Travel Solo and Save: Flights, Hotels and more.
No one likes to think that they paid too much for something. Everyone likes a deal. But when it comes to travel, how do you get the best deal? How do you save on flights, hotels, cruises, tours…?
It has a lot of it has to do with research, tools and timing.
Here are some tips and resources to help you get the best deal possible.
Booking a flight
Start monitoring flights and options (trying to find the best route and price combination) three to four months before you plan to travel. There seems to be a price sweet spot – if you book too early, the airlines are still banking on customers coming through and so don’t discount fares; if you book too late, they take advantage of your procrastination.
Buy on Tuesday – that’s what I’ve read most recently though a year ago it was buy early in the morning on Wednesday. This will change so it can be part of what you monitor as you’re tracking prices.
When booking a flight:
- Keep your fly dates flexible.
- Look for the best connections vs. price. Some of the options can be quite crazy. The best price I found for my trip to Chile flew me from Toronto to NYC to Barcelona to Santiago. I may like to save money but I’m not that cheap.
- Book carefully watching the flight details and layovers. On a long haul flight, you likely have options and your layover could be in the middle of the night or early in the morning for the same price.
- All else being equal, maximize your points.
- Always collect points even if you don’t think you travel enough to take advantage of them. There are other ways of accumulating and spending points and you don’t know what the future holds.
- Be mindful of extra fees.
- There are many booking engines. Just Google cheap flights and you’ll find lots. Use a couple when looking for the best fare and compare the results with the airline’s fares by going to their site directly.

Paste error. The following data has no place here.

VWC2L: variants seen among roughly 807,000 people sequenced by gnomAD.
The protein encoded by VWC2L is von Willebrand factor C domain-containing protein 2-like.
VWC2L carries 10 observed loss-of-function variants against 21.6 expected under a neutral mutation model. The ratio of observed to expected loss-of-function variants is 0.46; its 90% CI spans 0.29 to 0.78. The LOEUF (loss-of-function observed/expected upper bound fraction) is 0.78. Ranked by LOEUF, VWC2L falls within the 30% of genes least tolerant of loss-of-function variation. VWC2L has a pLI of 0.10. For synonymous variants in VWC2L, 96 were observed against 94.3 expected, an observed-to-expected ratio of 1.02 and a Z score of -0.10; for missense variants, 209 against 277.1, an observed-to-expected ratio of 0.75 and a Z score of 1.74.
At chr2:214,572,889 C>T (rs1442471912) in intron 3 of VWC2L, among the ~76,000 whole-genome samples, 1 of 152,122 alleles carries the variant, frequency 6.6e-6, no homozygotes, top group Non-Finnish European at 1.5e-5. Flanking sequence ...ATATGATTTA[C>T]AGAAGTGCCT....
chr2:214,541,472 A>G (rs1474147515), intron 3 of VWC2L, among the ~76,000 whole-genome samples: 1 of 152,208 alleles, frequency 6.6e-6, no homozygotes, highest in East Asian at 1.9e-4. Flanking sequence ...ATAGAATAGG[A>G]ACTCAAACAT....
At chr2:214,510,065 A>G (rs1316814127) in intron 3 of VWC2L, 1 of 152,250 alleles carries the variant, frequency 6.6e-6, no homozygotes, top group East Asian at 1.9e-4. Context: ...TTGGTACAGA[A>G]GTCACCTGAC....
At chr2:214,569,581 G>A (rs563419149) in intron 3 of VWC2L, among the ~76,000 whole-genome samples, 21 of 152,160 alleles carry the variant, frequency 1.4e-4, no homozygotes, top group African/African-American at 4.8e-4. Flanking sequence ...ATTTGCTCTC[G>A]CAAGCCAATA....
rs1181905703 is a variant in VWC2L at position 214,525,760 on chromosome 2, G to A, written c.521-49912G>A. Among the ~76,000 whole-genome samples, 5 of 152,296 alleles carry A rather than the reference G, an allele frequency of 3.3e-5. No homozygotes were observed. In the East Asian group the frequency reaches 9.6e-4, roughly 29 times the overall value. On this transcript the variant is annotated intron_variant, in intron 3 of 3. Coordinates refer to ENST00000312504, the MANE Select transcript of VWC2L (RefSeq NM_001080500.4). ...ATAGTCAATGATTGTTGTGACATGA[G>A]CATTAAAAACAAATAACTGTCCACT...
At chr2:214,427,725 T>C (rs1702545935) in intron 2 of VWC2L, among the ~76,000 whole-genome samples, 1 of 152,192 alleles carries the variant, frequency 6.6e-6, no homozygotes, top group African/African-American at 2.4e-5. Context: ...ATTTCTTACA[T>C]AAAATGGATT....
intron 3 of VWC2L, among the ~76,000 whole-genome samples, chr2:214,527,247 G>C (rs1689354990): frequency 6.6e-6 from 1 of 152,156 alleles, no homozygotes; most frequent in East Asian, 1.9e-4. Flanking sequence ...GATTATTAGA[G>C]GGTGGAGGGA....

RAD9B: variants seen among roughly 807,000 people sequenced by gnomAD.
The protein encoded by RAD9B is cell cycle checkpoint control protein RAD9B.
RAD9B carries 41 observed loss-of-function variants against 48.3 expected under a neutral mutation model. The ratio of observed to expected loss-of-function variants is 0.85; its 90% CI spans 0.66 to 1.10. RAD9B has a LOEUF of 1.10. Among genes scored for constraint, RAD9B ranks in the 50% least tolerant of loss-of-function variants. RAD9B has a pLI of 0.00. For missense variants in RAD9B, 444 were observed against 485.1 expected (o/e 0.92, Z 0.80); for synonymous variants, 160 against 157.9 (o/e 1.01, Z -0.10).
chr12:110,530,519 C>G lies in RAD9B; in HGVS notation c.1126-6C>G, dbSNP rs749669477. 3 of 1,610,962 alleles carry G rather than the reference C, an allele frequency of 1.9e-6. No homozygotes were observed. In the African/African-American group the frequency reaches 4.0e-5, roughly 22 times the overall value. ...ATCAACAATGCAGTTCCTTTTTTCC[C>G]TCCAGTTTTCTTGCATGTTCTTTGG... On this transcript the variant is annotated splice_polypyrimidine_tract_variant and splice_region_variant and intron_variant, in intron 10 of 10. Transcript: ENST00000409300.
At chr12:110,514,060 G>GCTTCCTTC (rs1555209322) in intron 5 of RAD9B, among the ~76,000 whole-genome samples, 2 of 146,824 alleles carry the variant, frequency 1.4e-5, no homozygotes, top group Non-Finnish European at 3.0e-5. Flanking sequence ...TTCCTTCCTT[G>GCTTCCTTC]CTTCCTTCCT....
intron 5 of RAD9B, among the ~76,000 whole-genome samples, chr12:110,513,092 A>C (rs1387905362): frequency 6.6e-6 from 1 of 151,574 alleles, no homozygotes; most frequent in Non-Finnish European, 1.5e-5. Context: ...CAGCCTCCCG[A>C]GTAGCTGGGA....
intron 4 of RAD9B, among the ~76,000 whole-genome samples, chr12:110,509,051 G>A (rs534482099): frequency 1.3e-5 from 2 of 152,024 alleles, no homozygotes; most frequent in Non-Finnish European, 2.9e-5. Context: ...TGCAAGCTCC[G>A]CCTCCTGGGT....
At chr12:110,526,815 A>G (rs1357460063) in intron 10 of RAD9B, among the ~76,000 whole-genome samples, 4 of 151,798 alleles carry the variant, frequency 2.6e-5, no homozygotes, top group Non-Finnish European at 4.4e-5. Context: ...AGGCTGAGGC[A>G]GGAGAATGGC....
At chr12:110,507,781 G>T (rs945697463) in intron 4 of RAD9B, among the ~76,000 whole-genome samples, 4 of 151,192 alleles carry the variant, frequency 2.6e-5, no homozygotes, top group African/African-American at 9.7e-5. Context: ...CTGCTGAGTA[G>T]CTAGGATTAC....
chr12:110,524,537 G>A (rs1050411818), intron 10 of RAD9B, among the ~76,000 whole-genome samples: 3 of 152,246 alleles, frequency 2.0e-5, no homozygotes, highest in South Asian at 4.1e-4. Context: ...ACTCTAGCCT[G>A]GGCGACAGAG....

- I recently heard about dynamic pricing. This is where online vendors gather information from your browser and modify their prices. Not all vendors do this but it was suggested that you check prices with both your regular browser and a secondary browser that you set up not to accept cookies.
- You know that little box that asks you for a promotion or coupon code which you never have? Well, sometimes you can get one just by Googling for it. You can also go to PromotionsCodes.com or FabulousSavings.com.
- Get a refund if you paid too much. Yapta.com will track the price of your ticket to see if it gets discounted further. I signed up and entered my trip to Chile. From what I’ve read, most airlines will issue a refund if the difference is $150 or more.
Booking accommodation varies greatly depending on whether you’re going budget or luxury or somewhere in between. Here are some useful resources:
- The booking engines that you use for flights are happy to book your hotel as well.
- TripAlertz is like Groupon for travel. Simply sign up for free and receive their deals. If you buy one of their special deals you’re guaranteed their special price and, if the right number of people buy the deal, you get the Epic Price.
- Sniqueaway.com, Tablet Hotels, Jettsetter.com require you to become a member then offer special discounts typically on high end properties. With Sniqueaway you need to be invited. Google “Snique Away invite” to get a form to complete and become a member.
- Look for hotel reviews. This is especially important if you’re booking budget accommodation. Check Tripadvisor.com or the ratings on your Hostel booking site to see what people have said about the location. Don’t read just a couple of reviews, read many. And watch the dates of the reviews, they can be very out of date.
- Get a look at where your hotel or hostel is located and the surrounding area using Google’s Street View.
- If you are planning an extended stay, look for furnished apartments.
Tours, resorts and cruises
This is the type of travel that frustrates solo travelers because we are often overtly penalized for traveling alone with the brutal “single supplement”. Here are a few thoughts and tips on the matter.
- Google “single supplement waived” to find the latest deals. Unfortunately, there are fewer and fewer as the travel industry heats up again.
- Be flexible. Book late. Accept a roommate. Ask to have the supplement waived. Work with your tour in any way possible to have the supplement waived.
- If you manage to get a really good deal – a deal that is even good with the single supplement – try to forget that they still hit you with it.
- Join sites like TripAlertz in hopes of getting that really great deal.
- Choose tour and cruise companies that support solo travelers like Norweigan Epic or Gap Adventures.
As always, if you have a tip or resource to add to this list, please do so in the comments.